Aperitif

“Mary, where are the olives? You can’t possibly expect to serve this relish tray without olives.” He pushes the white, ceramic platter across the table. Pickles, carrot sticks, celery stalks, radishes, tomato and cucumber slices, and raw mushrooms ricochet from the wall to the floor.

“What did you say, Paul? I can’t hear you; the washing machine’s on. I’ll be upstairs in a minute.”

He flings the refrigerator door open. “God damn, son of a bitch. Son of a bitch! Jam it in. That’s all you know how to do. Jam it in there.” He blindly throws the ketchup bottle behind him. It shatters against the wall. The blood-red condiment splatters onto the table. With a dull thud, the freshly marinated London Broil hits the wall and slides to the floor, leaving an oily stain on the wallpaper. With accelerated, but rhythmic momentum, he proceeds to clear off the second shelf. Globs of mayonnaise fall onto ketchup. Raw vegetables float in a puddle of cream.

“Paul, what are you doing?”

“You don’t know how to prepare a meal. You don’t know how to be a wife. You don’t know how to be a mother. Son of a bitch!”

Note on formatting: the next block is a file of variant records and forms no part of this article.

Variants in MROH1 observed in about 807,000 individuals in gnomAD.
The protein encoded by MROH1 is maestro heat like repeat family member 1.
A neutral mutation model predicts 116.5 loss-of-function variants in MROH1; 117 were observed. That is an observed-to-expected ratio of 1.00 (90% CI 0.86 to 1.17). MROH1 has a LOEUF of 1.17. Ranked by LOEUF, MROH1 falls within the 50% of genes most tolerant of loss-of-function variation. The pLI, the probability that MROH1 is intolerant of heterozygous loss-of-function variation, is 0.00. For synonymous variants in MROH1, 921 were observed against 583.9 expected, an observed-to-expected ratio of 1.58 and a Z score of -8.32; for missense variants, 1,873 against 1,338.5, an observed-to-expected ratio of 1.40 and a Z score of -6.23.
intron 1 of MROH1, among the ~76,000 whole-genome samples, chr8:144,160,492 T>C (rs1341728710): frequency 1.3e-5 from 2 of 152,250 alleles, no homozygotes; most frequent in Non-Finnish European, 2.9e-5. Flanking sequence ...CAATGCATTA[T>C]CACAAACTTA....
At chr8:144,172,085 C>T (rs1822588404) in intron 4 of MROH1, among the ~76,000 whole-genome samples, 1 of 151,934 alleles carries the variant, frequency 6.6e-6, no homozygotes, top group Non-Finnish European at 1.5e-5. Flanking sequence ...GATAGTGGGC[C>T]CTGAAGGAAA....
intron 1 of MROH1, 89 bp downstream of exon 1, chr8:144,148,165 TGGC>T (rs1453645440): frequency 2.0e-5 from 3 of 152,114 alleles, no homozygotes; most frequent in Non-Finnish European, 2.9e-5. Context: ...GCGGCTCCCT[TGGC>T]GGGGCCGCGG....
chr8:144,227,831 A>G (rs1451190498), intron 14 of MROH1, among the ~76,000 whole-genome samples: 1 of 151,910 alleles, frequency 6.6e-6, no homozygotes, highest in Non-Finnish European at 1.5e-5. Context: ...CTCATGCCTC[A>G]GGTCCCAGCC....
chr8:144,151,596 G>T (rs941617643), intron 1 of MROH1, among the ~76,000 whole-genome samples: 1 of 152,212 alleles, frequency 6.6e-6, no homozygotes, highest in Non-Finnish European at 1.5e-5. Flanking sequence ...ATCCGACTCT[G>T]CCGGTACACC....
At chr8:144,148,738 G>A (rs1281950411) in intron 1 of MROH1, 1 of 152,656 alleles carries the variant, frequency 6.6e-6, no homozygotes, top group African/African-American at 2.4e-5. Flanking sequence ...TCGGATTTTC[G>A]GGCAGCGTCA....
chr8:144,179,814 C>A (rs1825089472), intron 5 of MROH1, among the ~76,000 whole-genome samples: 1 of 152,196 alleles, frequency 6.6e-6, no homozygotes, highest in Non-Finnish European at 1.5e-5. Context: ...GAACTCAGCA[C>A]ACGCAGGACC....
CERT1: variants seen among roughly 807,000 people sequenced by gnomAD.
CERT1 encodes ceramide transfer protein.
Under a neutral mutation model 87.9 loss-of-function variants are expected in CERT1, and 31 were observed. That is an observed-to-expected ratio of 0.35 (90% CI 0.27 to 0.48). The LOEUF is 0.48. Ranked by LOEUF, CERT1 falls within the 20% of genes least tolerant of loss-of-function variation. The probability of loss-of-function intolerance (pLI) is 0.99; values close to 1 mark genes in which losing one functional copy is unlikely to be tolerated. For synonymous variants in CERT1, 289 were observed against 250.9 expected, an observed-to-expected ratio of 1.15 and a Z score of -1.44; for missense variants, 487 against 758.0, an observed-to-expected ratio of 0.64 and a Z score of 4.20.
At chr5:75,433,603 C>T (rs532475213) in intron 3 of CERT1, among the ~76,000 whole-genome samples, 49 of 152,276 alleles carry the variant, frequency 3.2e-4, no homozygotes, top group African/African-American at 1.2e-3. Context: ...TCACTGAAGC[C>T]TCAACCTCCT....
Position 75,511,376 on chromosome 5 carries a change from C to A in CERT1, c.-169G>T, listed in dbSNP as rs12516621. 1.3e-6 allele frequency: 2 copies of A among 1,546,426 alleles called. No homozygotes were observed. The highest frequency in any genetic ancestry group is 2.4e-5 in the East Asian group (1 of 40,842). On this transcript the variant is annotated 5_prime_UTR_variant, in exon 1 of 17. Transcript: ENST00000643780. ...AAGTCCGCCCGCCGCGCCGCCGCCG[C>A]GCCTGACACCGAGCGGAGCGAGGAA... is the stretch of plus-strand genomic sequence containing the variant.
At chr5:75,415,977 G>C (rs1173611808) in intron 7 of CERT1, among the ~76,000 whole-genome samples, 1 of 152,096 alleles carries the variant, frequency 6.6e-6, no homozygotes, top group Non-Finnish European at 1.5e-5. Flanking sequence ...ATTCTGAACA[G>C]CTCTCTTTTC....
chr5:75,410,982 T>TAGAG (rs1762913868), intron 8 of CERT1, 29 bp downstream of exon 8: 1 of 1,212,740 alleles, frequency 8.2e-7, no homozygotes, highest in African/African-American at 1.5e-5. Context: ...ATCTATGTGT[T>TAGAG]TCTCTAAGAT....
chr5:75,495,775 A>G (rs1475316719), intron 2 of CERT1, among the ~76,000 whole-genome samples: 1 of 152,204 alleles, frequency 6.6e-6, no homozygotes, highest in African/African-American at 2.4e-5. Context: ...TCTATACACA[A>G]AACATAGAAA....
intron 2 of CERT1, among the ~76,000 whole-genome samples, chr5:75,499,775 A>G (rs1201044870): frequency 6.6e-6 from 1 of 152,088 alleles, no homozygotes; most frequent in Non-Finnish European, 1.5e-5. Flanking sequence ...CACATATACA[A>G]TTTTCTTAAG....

Maggie, their ten-year-old daughter, stands in the doorway, watching his frenetic, passionate behavior. He reaches for the jar of orange juice. Prepared to throw it against the wall, he turns around, noticing her. The muscles in his face and arm relax, but that vein which juts from his neck when he’s angry, throbs noticeably. The bottle slips from his hand and shatters, unleashing its sticky, orange contents into the inedible mess adorning the floor.

She’s beautiful, he thinks, then pauses. “Son of a bitch,” he mumbles as he pushes her out of the doorway with a sweaty, sticky hand. She stumbles, but quickly regains her balance. “Bitch,” he spits in Maggie’s face.

“Paul. Paul, what’s going on up there?”

“You don’t know how to prepare a meal. You don’t know how to set a table. Fucking, son of a bitch.”

Maggie stares at him. “You’re just like her. Disgusting tramps. I wouldn’t lower myself by eating at the same table with either of you.”

He stalks out, slamming the front door.

“Paul. Paul.”

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Carra Leah Hood

Carra Leah Hood is currently Associate Provost at Stockton University and a faculty member in the Writing program. She has published academic articles, personal essays, flash fiction, and poetry. The creative work included in this issue of eMerge were either begun or revised while she resided at the Writers’ Colony.

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